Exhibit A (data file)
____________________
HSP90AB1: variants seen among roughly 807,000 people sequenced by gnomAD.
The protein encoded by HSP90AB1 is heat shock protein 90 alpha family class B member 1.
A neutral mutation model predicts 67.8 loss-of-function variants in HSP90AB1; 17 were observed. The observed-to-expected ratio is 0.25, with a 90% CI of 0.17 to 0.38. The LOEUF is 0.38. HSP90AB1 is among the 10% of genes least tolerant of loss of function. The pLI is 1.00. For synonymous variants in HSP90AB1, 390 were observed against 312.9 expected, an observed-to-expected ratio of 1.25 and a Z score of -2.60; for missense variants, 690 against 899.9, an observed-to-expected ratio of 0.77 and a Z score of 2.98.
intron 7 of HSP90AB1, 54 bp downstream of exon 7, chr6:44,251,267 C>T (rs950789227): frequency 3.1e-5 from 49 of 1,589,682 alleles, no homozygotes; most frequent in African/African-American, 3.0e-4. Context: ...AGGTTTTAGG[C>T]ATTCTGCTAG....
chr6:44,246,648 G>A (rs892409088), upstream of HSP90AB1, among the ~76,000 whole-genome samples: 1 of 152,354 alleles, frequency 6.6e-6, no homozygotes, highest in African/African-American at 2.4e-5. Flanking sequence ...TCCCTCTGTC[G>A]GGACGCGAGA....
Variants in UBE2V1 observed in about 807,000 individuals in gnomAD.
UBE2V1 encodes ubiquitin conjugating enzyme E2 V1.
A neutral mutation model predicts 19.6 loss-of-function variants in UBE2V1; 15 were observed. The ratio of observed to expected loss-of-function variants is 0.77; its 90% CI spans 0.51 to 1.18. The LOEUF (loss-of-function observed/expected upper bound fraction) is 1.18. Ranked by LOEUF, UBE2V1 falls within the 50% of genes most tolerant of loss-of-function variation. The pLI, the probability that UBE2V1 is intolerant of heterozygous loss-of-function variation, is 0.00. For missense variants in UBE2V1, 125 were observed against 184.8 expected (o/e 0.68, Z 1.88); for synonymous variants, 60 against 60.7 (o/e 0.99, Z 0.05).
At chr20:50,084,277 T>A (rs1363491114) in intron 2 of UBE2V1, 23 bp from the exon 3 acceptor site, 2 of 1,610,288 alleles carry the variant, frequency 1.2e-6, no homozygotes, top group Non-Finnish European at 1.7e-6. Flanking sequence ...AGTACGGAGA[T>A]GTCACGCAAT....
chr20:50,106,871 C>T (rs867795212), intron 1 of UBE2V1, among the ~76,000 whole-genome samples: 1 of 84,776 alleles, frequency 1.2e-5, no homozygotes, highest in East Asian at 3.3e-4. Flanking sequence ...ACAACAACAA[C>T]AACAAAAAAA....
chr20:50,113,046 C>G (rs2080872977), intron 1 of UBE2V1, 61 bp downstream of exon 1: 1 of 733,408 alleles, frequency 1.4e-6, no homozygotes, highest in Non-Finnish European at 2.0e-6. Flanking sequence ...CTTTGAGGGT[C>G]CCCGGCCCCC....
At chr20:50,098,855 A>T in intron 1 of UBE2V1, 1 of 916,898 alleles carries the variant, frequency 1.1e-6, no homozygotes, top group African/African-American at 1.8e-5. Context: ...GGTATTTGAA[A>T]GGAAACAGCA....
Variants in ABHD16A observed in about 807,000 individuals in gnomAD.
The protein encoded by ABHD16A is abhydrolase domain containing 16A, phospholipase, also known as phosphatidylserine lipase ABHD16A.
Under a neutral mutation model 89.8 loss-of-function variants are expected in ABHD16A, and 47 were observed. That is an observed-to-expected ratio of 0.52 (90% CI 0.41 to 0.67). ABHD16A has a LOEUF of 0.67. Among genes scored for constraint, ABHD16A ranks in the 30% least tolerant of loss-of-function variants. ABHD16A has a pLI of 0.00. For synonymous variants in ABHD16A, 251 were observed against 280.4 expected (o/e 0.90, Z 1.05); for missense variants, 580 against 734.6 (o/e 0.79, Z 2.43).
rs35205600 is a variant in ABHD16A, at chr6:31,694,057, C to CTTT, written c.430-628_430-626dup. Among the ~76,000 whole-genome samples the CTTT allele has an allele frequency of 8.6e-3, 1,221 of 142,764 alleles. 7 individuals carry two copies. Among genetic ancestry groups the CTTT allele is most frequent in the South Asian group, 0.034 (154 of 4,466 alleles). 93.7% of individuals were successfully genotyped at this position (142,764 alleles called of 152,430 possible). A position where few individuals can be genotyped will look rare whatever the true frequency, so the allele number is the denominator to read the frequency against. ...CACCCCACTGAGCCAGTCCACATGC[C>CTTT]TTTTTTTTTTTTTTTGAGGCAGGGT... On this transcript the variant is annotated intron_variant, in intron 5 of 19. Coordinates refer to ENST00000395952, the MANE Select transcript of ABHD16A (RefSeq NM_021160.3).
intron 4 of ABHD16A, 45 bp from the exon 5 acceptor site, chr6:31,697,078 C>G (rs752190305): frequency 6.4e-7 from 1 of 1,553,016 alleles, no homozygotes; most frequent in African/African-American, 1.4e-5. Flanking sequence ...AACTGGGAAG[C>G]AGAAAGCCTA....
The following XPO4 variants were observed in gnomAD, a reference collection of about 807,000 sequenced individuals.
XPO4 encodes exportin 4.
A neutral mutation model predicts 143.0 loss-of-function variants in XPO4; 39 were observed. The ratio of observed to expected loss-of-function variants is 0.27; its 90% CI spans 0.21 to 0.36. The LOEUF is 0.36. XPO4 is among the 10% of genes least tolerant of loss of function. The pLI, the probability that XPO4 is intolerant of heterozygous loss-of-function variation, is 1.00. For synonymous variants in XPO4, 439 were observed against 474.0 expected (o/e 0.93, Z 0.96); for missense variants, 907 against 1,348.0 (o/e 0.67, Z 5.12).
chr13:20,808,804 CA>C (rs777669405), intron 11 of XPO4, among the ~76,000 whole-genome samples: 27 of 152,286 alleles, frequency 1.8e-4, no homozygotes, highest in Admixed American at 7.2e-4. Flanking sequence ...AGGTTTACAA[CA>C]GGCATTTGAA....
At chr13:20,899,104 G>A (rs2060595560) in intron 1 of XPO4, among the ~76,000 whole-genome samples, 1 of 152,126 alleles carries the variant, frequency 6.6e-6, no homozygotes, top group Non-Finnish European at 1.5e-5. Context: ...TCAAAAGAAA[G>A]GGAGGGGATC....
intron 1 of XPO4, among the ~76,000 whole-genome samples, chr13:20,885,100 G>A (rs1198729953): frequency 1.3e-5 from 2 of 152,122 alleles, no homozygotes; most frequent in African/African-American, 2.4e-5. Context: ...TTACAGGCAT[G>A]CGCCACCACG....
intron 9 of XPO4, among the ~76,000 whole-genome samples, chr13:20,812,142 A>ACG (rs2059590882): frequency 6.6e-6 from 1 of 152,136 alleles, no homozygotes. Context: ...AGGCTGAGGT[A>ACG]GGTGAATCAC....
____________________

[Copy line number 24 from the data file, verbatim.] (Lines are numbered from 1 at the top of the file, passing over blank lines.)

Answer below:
intron 9 of XPO4, among the ~76,000 whole-genome samples, chr13:20,812,142 A>ACG (rs2059590882): frequency 6.6e-6 from 1 of 152,136 alleles, no homozygotes. Context: ...AGGCTGAGGT[A>ACG]GGTGAATCAC....